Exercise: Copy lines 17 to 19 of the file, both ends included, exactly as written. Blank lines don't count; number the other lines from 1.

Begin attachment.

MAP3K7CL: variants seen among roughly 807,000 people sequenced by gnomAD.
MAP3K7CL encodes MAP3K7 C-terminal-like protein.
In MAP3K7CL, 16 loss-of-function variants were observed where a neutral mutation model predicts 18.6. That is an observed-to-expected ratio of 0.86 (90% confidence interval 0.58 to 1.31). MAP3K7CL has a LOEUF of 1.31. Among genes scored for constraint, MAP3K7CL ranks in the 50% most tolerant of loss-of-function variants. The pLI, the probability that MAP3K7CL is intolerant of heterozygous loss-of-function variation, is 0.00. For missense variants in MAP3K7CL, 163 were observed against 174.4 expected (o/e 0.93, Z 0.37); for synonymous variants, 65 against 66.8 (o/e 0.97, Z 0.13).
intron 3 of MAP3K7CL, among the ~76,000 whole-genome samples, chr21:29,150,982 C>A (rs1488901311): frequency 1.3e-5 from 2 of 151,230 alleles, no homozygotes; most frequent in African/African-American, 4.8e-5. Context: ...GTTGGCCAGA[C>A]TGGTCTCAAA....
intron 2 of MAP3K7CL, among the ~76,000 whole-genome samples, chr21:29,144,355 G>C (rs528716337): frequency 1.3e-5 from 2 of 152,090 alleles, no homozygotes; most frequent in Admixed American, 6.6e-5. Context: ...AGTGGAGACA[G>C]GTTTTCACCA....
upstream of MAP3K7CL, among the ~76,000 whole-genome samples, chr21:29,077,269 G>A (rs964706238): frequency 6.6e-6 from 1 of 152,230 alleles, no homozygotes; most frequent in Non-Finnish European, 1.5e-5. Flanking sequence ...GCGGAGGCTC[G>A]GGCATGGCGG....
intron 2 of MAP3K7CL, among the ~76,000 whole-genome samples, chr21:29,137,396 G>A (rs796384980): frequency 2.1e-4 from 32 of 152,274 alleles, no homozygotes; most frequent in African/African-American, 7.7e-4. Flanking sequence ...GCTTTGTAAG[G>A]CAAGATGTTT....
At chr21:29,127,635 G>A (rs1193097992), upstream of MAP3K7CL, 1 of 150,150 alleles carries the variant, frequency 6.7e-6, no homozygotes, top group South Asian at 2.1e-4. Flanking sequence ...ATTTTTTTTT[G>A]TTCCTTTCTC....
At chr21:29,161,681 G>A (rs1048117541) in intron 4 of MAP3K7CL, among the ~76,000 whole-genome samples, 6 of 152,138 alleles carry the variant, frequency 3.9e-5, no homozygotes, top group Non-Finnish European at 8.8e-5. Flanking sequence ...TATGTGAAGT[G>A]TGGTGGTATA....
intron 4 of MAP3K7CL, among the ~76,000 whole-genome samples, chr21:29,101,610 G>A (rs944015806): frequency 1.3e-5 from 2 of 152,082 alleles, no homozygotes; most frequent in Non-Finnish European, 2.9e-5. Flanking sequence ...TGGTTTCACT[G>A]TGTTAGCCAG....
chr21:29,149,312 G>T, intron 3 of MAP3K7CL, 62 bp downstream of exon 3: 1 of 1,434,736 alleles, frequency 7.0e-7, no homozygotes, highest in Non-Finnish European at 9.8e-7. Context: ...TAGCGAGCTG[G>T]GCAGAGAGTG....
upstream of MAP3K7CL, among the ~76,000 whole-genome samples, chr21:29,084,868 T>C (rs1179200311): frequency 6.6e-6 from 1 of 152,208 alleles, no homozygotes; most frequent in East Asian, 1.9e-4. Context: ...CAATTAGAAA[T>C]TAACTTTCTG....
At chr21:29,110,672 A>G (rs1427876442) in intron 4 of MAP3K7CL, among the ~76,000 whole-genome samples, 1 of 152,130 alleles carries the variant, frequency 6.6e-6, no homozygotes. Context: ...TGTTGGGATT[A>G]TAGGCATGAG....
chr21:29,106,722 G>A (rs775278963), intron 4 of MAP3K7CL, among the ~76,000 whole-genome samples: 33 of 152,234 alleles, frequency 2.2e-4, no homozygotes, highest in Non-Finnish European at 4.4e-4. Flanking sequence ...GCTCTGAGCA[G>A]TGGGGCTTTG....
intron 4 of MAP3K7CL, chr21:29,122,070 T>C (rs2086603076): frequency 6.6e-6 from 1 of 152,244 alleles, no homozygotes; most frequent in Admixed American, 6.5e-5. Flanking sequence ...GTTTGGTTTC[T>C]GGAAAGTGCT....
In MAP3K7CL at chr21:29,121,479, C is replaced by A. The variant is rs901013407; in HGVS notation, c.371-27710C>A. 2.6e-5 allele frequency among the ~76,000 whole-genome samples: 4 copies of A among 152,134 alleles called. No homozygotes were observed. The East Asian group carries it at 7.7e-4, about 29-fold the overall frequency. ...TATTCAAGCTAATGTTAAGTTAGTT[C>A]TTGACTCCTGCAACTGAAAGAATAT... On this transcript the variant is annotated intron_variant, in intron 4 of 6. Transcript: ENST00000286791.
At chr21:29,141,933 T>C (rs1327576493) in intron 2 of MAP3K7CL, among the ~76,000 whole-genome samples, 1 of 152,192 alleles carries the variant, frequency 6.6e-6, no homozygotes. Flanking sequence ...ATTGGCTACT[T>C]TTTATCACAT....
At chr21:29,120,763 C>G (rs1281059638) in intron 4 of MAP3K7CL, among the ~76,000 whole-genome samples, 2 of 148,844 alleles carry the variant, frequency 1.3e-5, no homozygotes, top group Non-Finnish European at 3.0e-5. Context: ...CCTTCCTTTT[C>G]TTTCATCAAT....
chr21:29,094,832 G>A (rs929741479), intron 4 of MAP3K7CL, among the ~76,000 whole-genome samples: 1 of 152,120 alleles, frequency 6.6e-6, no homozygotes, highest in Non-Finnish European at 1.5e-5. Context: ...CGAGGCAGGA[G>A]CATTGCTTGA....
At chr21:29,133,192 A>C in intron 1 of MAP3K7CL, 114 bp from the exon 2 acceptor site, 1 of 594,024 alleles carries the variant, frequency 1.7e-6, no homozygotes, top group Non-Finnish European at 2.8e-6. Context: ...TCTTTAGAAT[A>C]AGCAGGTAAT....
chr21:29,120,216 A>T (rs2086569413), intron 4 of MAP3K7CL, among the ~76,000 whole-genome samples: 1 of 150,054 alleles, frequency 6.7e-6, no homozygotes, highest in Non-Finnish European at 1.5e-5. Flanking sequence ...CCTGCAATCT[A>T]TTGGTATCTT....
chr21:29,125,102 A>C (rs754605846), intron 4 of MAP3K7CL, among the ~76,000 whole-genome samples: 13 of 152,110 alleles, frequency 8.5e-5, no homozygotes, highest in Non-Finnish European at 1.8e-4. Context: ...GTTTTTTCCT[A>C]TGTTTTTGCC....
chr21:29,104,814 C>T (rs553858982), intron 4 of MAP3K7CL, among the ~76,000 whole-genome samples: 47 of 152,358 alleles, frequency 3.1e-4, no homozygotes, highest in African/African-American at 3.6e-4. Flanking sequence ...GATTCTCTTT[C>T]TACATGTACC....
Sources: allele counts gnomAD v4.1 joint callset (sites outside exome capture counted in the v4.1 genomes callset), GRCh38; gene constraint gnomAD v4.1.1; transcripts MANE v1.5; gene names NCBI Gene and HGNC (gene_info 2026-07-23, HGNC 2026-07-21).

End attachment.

At chr21:29,141,933 T>C (rs1327576493) in intron 2 of MAP3K7CL, among the ~76,000 whole-genome samples, 1 of 152,192 alleles carries the variant, frequency 6.6e-6, no homozygotes. Flanking sequence ...ATTGGCTACT[T>C]TTTATCACAT....
At chr21:29,120,763 C>G (rs1281059638) in intron 4 of MAP3K7CL, among the ~76,000 whole-genome samples, 2 of 148,844 alleles carry the variant, frequency 1.3e-5, no homozygotes, top group Non-Finnish European at 3.0e-5. Context: ...CCTTCCTTTT[C>G]TTTCATCAAT....
chr21:29,094,832 G>A (rs929741479), intron 4 of MAP3K7CL, among the ~76,000 whole-genome samples: 1 of 152,120 alleles, frequency 6.6e-6, no homozygotes, highest in Non-Finnish European at 1.5e-5. Context: ...CGAGGCAGGA[G>A]CATTGCTTGA....